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I Can Can!

Sunday, July 8, 2012


I've been quite neglectful of my blog and emails these past few days because we've been busy canning! Last week, I was talking to Trina from Retro Fashion is my Passion about how I've been wanting to build a little pantry full of home canned foods. She gardens and cans her own and says that it's easy and really fun. We went to our local farmer's market for cheap, beautiful produce. We bought some exquisite home grown tomatoes, a huge watermelon, cucumbers fresh off the vine, pale yellow bell peppers and a few lovely peaches and boxes of strawberries. The Farmer's Market is in the historic district, right next to the Missouri River.




It took 7 hours of peeling, dicing, roasting, boiling and canning but by the end of the day yesterday, we had peach preserves, strawberry jam, fire roasted tomatoes, fire roasted peppers and bread and butter pickles. Today, we're making watermelon pickles, which I have never had before. They are made using the peeled watermelon rind with just a hint of pink flesh left on the rind. They had to soak in the brine overnight so we'll be boiling and preserving them today. Trina has me totally hooked on canning now! We're making some sauerkraut and green beans next week and I'm even considering making some sloppy joe and spaghetti with meat sauce. I'm a little terrified of canning meat. It doesn't seem like it would last but people have been doing it for ages so I'm going to try it. I have a new respect for old-fashioned housewives and farm ladies. Canning is a whole lot of work but wow, it is SO worth it!!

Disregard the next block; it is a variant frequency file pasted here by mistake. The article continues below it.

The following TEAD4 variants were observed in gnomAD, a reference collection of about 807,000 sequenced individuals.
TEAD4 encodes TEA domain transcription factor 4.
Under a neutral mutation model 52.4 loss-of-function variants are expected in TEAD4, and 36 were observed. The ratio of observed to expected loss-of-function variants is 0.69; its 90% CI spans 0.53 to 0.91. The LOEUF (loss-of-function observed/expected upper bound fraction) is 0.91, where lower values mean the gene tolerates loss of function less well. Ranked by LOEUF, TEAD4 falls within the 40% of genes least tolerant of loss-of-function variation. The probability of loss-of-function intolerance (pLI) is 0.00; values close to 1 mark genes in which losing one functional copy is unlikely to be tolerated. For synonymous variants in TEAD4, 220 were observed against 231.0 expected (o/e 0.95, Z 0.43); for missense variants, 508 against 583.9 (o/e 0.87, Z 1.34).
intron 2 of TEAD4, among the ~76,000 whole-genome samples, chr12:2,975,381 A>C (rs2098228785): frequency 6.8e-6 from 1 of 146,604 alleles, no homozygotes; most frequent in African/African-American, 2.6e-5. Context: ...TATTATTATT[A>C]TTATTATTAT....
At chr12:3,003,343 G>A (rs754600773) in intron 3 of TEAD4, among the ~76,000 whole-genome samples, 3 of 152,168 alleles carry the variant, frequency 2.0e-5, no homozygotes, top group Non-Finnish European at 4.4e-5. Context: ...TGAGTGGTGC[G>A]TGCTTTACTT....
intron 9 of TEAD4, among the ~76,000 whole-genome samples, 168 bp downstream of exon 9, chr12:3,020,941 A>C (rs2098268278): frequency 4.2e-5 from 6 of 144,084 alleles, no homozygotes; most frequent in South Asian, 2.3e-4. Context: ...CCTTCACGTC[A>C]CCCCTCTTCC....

For our outing, I decided to try a 30's inspired look. It was 107F on the day we went out so I wore this light cotton dress and hair in a snood for comfort. I thrifted this vintage black handbag the day before. Since I was doing black accessories, I wore my 30's black celluloid brooch, which is one of my favorites. The 30's had such interesting lines in their jewelry. I did some last minute (wonky) waves. They turned out less-than-perfect to say the least, so I covered the silliness with this vintage straw hat, trimmed in pearls.
1930s fingerwaves hairstyle


Outfit
Dress- handmade by me (see it again here)
crochet collar- thrifted, St Vincent De Paul
30's celluloid brooch- antique mall
green plastic belt buckle-thirfted, salvation army
vintage black straw hat-won in a giveaway from Arthelia's Attic
black bakelite hat pin- antique mall 
black pumps-borrowed from mom
black patent bag-thrifted, St Vincent De Paul

25 Responses to “I Can Can!”

  1. LOVE it!!! I have been canning for years, and it really is WAY cheaper and WAY WAY tastier than anything you can get in the stores :)

    And the dress is GORGEOUS!

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  2. I love the look. Classic. What a shame that "the style" can't be more stylish. Anything from the 1800 up to 1950's. Where did we go wrong with today's fashion? Glad I stumbled upon your blog.

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  3. I have that same pattern in my etsy wishlist cause I thought it looked so 30's. Great hat, btw!